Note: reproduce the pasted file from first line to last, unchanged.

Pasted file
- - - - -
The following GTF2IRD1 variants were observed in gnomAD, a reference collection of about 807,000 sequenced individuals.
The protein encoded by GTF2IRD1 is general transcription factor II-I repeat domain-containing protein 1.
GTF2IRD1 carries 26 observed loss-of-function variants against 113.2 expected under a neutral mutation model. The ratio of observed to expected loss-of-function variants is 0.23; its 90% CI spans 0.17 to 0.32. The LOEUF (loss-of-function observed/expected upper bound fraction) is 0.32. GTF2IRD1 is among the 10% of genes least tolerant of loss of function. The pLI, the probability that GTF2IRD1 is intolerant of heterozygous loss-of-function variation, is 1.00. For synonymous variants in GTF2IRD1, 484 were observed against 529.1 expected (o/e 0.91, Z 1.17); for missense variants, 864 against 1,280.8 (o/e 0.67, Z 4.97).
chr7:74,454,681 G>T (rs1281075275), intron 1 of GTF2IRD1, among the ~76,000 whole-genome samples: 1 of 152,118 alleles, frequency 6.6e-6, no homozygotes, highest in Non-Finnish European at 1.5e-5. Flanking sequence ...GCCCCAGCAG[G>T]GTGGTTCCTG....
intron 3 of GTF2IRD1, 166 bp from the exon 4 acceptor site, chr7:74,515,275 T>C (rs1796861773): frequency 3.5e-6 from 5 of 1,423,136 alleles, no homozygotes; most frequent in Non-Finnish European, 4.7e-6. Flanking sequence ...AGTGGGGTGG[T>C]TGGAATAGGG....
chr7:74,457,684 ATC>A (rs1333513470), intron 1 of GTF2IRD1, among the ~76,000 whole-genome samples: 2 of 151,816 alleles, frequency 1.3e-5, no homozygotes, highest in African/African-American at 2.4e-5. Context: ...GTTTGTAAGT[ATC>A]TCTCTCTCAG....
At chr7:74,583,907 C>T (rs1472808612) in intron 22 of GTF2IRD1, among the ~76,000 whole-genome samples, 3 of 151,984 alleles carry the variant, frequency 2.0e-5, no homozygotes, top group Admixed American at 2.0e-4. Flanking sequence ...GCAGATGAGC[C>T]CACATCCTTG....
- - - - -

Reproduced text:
The following GTF2IRD1 variants were observed in gnomAD, a reference collection of about 807,000 sequenced individuals.
The protein encoded by GTF2IRD1 is general transcription factor II-I repeat domain-containing protein 1.
GTF2IRD1 carries 26 observed loss-of-function variants against 113.2 expected under a neutral mutation model. The ratio of observed to expected loss-of-function variants is 0.23; its 90% CI spans 0.17 to 0.32. The LOEUF (loss-of-function observed/expected upper bound fraction) is 0.32. GTF2IRD1 is among the 10% of genes least tolerant of loss of function. The pLI, the probability that GTF2IRD1 is intolerant of heterozygous loss-of-function variation, is 1.00. For synonymous variants in GTF2IRD1, 484 were observed against 529.1 expected (o/e 0.91, Z 1.17); for missense variants, 864 against 1,280.8 (o/e 0.67, Z 4.97).
chr7:74,454,681 G>T (rs1281075275), intron 1 of GTF2IRD1, among the ~76,000 whole-genome samples: 1 of 152,118 alleles, frequency 6.6e-6, no homozygotes, highest in Non-Finnish European at 1.5e-5. Flanking sequence ...GCCCCAGCAG[G>T]GTGGTTCCTG....
intron 3 of GTF2IRD1, 166 bp from the exon 4 acceptor site, chr7:74,515,275 T>C (rs1796861773): frequency 3.5e-6 from 5 of 1,423,136 alleles, no homozygotes; most frequent in Non-Finnish European, 4.7e-6. Flanking sequence ...AGTGGGGTGG[T>C]TGGAATAGGG....
chr7:74,457,684 ATC>A (rs1333513470), intron 1 of GTF2IRD1, among the ~76,000 whole-genome samples: 2 of 151,816 alleles, frequency 1.3e-5, no homozygotes, highest in African/African-American at 2.4e-5. Context: ...GTTTGTAAGT[ATC>A]TCTCTCTCAG....
At chr7:74,583,907 C>T (rs1472808612) in intron 22 of GTF2IRD1, among the ~76,000 whole-genome samples, 3 of 151,984 alleles carry the variant, frequency 2.0e-5, no homozygotes, top group Admixed American at 2.0e-4. Flanking sequence ...GCAGATGAGC[C>T]CACATCCTTG....